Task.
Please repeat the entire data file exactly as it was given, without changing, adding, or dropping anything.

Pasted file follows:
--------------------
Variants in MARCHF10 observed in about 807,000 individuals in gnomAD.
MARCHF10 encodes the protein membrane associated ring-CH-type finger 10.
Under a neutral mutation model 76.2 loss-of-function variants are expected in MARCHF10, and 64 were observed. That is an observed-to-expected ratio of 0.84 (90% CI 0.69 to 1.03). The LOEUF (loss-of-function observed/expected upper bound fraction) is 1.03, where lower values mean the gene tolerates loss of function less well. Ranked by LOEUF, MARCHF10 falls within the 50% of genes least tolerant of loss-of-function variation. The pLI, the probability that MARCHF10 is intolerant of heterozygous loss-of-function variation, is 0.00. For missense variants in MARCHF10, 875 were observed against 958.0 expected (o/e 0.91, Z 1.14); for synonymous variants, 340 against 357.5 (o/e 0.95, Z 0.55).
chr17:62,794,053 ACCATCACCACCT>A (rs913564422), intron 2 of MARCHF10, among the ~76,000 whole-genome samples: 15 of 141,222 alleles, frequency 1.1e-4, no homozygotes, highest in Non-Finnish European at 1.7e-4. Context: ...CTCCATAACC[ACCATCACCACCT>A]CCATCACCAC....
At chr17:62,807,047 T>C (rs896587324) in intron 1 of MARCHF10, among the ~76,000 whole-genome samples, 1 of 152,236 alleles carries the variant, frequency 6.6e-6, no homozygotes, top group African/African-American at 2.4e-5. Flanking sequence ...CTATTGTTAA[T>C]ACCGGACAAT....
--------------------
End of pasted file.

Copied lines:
Variants in MARCHF10 observed in about 807,000 individuals in gnomAD.
MARCHF10 encodes the protein membrane associated ring-CH-type finger 10.
Under a neutral mutation model 76.2 loss-of-function variants are expected in MARCHF10, and 64 were observed. That is an observed-to-expected ratio of 0.84 (90% CI 0.69 to 1.03). The LOEUF (loss-of-function observed/expected upper bound fraction) is 1.03, where lower values mean the gene tolerates loss of function less well. Ranked by LOEUF, MARCHF10 falls within the 50% of genes least tolerant of loss-of-function variation. The pLI, the probability that MARCHF10 is intolerant of heterozygous loss-of-function variation, is 0.00. For missense variants in MARCHF10, 875 were observed against 958.0 expected (o/e 0.91, Z 1.14); for synonymous variants, 340 against 357.5 (o/e 0.95, Z 0.55).
chr17:62,794,053 ACCATCACCACCT>A (rs913564422), intron 2 of MARCHF10, among the ~76,000 whole-genome samples: 15 of 141,222 alleles, frequency 1.1e-4, no homozygotes, highest in Non-Finnish European at 1.7e-4. Context: ...CTCCATAACC[ACCATCACCACCT>A]CCATCACCAC....
At chr17:62,807,047 T>C (rs896587324) in intron 1 of MARCHF10, among the ~76,000 whole-genome samples, 1 of 152,236 alleles carries the variant, frequency 6.6e-6, no homozygotes, top group African/African-American at 2.4e-5. Flanking sequence ...CTATTGTTAA[T>C]ACCGGACAAT....